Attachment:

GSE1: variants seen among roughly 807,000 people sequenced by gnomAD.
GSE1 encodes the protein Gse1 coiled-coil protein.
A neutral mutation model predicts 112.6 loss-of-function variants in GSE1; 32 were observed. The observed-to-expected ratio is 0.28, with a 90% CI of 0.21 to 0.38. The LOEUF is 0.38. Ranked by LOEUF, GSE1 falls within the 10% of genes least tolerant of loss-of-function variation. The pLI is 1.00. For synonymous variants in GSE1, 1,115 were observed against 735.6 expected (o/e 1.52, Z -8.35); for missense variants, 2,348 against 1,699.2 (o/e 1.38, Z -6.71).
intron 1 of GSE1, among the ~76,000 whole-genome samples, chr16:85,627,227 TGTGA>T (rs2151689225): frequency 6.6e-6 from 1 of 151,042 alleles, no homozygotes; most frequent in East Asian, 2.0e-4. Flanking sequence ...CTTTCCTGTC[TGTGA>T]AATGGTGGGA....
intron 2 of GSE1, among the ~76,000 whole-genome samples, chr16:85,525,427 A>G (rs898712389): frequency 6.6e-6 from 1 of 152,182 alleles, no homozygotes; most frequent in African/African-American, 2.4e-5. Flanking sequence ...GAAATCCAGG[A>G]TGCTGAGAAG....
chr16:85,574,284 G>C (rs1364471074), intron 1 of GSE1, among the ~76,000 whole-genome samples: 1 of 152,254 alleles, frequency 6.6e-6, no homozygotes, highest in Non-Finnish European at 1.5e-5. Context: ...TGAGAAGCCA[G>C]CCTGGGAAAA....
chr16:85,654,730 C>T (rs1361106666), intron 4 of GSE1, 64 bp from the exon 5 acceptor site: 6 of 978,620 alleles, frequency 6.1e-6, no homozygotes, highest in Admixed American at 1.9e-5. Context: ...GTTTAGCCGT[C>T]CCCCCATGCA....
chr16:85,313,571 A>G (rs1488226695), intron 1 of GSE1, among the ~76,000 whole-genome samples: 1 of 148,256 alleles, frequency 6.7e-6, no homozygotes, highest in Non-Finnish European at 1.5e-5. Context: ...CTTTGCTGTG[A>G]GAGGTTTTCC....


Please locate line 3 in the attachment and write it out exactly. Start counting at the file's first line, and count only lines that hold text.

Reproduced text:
A neutral mutation model predicts 112.6 loss-of-function variants in GSE1; 32 were observed. The observed-to-expected ratio is 0.28, with a 90% CI of 0.21 to 0.38. The LOEUF is 0.38. Ranked by LOEUF, GSE1 falls within the 10% of genes least tolerant of loss-of-function variation. The pLI is 1.00. For synonymous variants in GSE1, 1,115 were observed against 735.6 expected (o/e 1.52, Z -8.35); for missense variants, 2,348 against 1,699.2 (o/e 1.38, Z -6.71).